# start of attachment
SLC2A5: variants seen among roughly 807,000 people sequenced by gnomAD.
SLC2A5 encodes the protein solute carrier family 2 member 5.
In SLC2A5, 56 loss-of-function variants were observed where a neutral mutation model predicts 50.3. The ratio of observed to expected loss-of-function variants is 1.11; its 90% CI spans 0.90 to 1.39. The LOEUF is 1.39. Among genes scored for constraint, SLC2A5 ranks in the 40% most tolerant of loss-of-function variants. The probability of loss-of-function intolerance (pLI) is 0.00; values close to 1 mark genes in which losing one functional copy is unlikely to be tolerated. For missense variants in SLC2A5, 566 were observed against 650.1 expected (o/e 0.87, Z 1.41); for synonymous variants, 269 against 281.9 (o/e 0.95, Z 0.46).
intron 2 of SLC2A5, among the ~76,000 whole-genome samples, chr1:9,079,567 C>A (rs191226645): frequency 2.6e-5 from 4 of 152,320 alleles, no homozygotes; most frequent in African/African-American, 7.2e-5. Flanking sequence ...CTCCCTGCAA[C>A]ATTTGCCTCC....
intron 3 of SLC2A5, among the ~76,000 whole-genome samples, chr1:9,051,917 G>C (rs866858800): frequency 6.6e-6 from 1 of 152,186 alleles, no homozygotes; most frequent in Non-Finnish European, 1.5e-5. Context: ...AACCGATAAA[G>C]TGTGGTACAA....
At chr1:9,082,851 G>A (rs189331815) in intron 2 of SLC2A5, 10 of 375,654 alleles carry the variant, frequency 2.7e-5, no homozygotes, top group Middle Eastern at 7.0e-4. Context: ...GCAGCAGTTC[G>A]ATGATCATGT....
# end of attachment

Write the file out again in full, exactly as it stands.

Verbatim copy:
SLC2A5: variants seen among roughly 807,000 people sequenced by gnomAD.
SLC2A5 encodes the protein solute carrier family 2 member 5.
In SLC2A5, 56 loss-of-function variants were observed where a neutral mutation model predicts 50.3. The ratio of observed to expected loss-of-function variants is 1.11; its 90% CI spans 0.90 to 1.39. The LOEUF is 1.39. Among genes scored for constraint, SLC2A5 ranks in the 40% most tolerant of loss-of-function variants. The probability of loss-of-function intolerance (pLI) is 0.00; values close to 1 mark genes in which losing one functional copy is unlikely to be tolerated. For missense variants in SLC2A5, 566 were observed against 650.1 expected (o/e 0.87, Z 1.41); for synonymous variants, 269 against 281.9 (o/e 0.95, Z 0.46).
intron 2 of SLC2A5, among the ~76,000 whole-genome samples, chr1:9,079,567 C>A (rs191226645): frequency 2.6e-5 from 4 of 152,320 alleles, no homozygotes; most frequent in African/African-American, 7.2e-5. Flanking sequence ...CTCCCTGCAA[C>A]ATTTGCCTCC....
intron 3 of SLC2A5, among the ~76,000 whole-genome samples, chr1:9,051,917 G>C (rs866858800): frequency 6.6e-6 from 1 of 152,186 alleles, no homozygotes; most frequent in Non-Finnish European, 1.5e-5. Context: ...AACCGATAAA[G>C]TGTGGTACAA....
At chr1:9,082,851 G>A (rs189331815) in intron 2 of SLC2A5, 10 of 375,654 alleles carry the variant, frequency 2.7e-5, no homozygotes, top group Middle Eastern at 7.0e-4. Context: ...GCAGCAGTTC[G>A]ATGATCATGT....